Posted on: 2 June 2021
You've probably heard of deed restrictions since they have been common for a while now. It's safe to say that most people live in non-deed restrictive neighborhoods, though. To find out what a deed-restricted neighborhood is and how it can affect you, your family, and even visitors to your home, read on.
Understanding the Need for Deed Restrictions
A deed is like a title to a home. On the deed, you can find things like the legal address of the property, the full names of all the owners, who owned the property previously, etc. Also on the deed, in some cases, are deed restrictions. Deed restrictions can be placed on a deed by the state, county, city, neighborhood association, or condominium association.
Be Aware of Deed Restrictions
In most cases, buyers find out about deed restrictions on a home when they show an interest in purchasing it. The owner must disclose restrictions to the real estate agent and they then are supposed to disclose them to buyers. You can also find out about deed restrictions by accessing a copy of the deed filed in the county courthouse or online. If a neighborhood association exists, the bylaws should be required reading for buyers. To gain an even better understanding of deed restrictions, talk to your real estate agent.
The Purpose and Scope of Deed Restrictions
Deed restrictions are an effort to honor property values by encouraging certain behaviors and discouraging others. Take a look at few common deed restrictions for a better idea:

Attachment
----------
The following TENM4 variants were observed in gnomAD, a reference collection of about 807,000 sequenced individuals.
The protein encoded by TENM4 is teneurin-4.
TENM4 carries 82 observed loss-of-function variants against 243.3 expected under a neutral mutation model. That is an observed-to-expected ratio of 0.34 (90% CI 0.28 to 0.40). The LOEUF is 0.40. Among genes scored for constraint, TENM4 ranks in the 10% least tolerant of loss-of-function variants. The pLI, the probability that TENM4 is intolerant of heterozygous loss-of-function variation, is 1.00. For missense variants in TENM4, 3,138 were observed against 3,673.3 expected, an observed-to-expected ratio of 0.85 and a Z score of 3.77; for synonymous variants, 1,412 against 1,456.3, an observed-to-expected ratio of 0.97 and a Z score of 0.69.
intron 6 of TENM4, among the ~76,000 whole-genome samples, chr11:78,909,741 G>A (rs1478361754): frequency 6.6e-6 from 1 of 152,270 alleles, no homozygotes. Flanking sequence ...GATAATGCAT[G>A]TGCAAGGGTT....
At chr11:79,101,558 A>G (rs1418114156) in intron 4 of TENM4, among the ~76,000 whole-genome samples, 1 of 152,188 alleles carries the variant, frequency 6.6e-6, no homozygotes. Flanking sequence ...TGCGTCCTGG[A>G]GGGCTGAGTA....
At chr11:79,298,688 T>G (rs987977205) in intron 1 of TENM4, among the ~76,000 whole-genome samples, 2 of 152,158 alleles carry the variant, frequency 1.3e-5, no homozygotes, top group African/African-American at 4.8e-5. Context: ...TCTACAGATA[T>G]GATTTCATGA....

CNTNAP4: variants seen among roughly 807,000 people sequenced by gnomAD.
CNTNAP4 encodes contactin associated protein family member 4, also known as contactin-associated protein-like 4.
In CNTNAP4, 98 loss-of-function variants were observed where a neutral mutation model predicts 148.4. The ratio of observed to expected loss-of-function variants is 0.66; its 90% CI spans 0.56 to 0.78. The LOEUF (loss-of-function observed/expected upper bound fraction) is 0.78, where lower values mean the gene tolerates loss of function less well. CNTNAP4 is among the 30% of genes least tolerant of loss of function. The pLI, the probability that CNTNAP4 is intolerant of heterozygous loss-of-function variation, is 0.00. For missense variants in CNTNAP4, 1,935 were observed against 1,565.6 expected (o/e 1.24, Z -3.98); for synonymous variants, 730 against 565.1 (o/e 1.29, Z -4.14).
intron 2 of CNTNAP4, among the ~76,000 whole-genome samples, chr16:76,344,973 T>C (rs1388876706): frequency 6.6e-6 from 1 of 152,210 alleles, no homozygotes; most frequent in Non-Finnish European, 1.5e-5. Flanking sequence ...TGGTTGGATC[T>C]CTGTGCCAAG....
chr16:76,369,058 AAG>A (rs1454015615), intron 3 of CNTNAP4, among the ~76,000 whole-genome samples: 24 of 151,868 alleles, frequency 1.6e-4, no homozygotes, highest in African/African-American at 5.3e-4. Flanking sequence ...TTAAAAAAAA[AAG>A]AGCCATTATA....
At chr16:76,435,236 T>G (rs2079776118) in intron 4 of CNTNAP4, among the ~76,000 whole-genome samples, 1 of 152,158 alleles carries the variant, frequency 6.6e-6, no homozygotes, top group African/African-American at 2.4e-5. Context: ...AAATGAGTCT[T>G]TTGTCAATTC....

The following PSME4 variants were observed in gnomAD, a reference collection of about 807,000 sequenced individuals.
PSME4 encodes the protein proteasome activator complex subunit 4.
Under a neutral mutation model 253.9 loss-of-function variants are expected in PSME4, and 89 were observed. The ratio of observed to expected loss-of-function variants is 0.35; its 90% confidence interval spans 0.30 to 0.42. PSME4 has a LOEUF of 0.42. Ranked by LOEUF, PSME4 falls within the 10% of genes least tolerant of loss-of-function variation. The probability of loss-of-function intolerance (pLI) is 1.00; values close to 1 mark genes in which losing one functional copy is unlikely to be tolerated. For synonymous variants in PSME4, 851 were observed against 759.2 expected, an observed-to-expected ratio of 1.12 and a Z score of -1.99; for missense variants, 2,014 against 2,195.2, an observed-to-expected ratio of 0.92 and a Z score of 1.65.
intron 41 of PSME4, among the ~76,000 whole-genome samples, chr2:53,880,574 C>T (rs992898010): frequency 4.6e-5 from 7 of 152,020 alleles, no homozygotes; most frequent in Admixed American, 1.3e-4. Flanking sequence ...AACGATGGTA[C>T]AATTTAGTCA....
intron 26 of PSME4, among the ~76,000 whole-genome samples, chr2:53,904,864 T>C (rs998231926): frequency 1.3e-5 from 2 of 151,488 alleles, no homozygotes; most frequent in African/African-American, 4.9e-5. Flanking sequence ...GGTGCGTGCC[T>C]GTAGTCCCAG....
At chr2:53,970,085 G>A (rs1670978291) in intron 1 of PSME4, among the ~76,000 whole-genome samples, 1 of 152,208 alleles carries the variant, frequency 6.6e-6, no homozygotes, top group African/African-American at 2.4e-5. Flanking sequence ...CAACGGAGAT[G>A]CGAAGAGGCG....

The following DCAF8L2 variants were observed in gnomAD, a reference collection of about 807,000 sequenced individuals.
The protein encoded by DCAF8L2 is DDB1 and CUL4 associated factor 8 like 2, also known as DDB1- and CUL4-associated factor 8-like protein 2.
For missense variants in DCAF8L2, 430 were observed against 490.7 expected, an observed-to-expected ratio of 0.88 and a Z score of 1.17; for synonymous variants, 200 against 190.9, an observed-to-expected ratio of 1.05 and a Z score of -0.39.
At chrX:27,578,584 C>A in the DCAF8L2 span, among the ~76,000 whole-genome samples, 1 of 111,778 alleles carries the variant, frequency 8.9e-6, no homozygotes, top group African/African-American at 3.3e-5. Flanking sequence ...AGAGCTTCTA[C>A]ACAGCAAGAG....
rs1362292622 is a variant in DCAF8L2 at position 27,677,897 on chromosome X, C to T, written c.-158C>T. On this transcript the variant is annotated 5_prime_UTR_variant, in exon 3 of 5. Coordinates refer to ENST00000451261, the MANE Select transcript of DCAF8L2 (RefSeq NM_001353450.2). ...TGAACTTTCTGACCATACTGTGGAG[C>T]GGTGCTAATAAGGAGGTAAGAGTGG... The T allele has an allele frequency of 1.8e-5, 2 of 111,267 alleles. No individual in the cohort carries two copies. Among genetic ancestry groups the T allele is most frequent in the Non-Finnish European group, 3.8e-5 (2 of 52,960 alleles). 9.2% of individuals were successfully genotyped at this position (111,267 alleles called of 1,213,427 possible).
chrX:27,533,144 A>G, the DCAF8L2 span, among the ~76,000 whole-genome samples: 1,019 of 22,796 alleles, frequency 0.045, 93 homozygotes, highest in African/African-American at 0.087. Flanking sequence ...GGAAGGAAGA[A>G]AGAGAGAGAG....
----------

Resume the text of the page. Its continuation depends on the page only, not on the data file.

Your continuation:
- Homes must have a minimum square footage on a minimum size lot.
- Homes must be constructed of only certain materials.
- Homes may only be painted in certain colors.
The above are common, but requirements can get more detailed and restrictive in some neighborhoods. These are a few more unusual but possible restrictions:
- You may only park in the garage and not on the lawn or in your driveway.
- No pick-ups or other types of trucks may park overnight.
- No lawn signs are allowed.
Deed restrictions should not be considered either a good or bad thing. They vary far too much in their requirements to make that determination. Rather, buyers are encouraged to understand what these requirements mean in regard to each home and buying situation specifically. Speak to a real estate agent to find out more about deed restrictions.
If you're a buyer looking for single family homes for sale in your area, consider a deed-restricted home.Share